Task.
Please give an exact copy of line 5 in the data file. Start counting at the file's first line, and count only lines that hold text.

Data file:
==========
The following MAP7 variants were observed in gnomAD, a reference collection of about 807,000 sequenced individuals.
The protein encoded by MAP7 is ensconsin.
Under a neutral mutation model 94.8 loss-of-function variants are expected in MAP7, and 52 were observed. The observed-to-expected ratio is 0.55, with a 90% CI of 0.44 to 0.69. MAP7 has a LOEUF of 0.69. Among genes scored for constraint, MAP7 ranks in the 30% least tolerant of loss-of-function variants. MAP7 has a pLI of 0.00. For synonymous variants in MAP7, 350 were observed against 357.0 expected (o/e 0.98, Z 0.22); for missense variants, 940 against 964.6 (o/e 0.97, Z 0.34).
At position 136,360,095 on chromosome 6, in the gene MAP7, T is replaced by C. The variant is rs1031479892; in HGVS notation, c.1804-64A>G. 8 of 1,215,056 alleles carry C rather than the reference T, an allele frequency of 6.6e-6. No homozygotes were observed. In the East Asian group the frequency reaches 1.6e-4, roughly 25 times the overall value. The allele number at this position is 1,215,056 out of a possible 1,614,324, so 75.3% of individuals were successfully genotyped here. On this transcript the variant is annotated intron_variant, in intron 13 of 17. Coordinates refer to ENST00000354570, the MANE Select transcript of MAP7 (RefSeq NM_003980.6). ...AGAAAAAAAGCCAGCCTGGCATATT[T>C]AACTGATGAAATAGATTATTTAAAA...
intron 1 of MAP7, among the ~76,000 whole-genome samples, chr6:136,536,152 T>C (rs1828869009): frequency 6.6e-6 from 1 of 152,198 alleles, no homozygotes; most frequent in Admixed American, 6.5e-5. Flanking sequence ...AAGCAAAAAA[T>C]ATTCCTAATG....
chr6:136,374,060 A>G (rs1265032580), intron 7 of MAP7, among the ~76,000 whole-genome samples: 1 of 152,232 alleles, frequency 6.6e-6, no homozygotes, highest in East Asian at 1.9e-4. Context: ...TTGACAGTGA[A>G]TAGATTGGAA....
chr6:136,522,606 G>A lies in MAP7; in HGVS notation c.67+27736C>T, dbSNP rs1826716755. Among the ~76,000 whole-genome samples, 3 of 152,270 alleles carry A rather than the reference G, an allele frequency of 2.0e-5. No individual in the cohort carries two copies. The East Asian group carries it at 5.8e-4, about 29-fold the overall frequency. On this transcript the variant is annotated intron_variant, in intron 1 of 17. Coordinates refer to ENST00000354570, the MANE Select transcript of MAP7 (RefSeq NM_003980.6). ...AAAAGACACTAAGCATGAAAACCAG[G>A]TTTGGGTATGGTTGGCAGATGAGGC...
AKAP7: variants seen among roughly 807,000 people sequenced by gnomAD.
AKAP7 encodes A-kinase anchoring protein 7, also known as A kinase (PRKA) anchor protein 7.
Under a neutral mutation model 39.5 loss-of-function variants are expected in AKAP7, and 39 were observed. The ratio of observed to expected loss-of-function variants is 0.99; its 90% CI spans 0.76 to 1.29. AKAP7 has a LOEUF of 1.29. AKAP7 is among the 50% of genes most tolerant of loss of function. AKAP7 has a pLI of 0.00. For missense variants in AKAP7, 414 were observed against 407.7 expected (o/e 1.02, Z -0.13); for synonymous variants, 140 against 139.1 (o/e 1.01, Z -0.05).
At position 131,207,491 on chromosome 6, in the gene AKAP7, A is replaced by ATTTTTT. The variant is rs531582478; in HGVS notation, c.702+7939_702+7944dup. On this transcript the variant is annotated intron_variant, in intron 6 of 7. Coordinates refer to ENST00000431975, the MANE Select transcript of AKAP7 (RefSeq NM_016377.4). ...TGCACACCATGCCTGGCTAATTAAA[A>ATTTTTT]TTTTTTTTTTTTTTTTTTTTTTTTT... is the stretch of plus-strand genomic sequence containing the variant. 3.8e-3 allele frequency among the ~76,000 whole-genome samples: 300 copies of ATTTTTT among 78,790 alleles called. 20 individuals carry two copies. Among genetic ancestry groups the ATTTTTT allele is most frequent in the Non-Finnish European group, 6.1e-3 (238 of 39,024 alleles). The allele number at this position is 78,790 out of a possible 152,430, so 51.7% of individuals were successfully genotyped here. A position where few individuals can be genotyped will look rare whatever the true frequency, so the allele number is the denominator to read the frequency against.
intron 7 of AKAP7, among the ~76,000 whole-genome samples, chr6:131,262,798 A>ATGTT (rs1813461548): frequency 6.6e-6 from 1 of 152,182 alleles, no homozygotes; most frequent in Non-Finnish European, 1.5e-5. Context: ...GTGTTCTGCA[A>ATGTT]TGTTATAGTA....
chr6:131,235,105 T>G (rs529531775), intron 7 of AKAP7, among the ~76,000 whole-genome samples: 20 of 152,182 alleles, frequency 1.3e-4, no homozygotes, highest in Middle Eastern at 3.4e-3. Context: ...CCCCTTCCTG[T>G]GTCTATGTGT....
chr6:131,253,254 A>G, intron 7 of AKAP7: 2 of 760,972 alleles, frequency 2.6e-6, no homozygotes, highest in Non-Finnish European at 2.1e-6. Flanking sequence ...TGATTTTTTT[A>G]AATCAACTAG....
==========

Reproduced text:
intron 1 of MAP7, among the ~76,000 whole-genome samples, chr6:136,536,152 T>C (rs1828869009): frequency 6.6e-6 from 1 of 152,198 alleles, no homozygotes; most frequent in Admixed American, 6.5e-5. Flanking sequence ...AAGCAAAAAA[T>C]ATTCCTAATG....